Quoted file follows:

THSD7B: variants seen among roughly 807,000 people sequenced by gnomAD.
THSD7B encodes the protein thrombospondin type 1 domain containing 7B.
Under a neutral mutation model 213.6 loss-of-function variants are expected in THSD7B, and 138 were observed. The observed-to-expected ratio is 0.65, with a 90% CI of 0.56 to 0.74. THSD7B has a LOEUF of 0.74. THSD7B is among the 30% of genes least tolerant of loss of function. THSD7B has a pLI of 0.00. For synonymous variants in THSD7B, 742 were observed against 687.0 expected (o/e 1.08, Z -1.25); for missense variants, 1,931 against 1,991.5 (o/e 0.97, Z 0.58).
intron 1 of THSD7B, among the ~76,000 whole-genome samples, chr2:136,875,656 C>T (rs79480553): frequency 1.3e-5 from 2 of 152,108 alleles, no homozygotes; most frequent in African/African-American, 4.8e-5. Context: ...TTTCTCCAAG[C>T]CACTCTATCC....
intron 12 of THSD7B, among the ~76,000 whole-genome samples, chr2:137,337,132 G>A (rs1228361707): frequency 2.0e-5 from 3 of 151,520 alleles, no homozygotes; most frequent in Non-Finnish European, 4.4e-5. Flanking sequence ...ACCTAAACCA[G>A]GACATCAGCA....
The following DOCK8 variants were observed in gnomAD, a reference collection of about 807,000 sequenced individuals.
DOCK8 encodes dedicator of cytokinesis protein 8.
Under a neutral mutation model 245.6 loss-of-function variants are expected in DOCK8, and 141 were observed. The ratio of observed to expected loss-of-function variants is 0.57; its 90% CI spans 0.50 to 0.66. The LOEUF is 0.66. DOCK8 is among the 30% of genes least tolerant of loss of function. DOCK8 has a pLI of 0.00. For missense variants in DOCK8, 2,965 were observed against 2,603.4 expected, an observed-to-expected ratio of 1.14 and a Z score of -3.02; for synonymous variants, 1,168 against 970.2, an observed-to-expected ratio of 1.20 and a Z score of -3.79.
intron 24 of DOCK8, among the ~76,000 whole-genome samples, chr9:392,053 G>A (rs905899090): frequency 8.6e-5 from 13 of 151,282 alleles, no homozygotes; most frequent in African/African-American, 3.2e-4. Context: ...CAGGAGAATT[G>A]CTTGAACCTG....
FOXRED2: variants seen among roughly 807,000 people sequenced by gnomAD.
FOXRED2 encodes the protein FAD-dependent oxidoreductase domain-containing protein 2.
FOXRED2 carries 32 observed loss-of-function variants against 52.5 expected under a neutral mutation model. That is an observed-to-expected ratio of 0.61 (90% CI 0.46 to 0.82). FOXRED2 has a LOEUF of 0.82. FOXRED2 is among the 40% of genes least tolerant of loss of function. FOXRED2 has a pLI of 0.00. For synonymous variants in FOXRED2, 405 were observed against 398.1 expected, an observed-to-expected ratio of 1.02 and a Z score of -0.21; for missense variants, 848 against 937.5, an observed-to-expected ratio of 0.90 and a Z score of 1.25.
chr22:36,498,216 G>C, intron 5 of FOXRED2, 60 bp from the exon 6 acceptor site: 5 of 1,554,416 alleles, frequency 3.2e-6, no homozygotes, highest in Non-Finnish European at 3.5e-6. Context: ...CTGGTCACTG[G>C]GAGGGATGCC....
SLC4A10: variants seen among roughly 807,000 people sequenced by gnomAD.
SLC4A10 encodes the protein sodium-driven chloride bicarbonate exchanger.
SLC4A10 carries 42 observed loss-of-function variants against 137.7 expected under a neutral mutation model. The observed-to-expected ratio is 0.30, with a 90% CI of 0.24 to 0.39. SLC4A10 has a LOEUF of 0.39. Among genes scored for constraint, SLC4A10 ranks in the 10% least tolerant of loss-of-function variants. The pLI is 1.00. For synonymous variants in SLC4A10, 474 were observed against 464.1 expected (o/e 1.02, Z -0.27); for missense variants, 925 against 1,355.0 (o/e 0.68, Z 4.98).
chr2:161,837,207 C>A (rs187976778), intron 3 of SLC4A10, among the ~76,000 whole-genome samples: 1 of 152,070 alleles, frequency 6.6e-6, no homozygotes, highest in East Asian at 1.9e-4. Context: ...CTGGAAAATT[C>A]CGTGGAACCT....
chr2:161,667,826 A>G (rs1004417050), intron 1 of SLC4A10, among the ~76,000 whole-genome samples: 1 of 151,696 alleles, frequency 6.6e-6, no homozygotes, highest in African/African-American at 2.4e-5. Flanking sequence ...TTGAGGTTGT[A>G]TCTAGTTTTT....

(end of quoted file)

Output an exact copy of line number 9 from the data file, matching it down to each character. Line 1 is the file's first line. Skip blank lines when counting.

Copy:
intron 24 of DOCK8, among the ~76,000 whole-genome samples, chr9:392,053 G>A (rs905899090): frequency 8.6e-5 from 13 of 151,282 alleles, no homozygotes; most frequent in African/African-American, 3.2e-4. Context: ...CAGGAGAATT[G>A]CTTGAACCTG....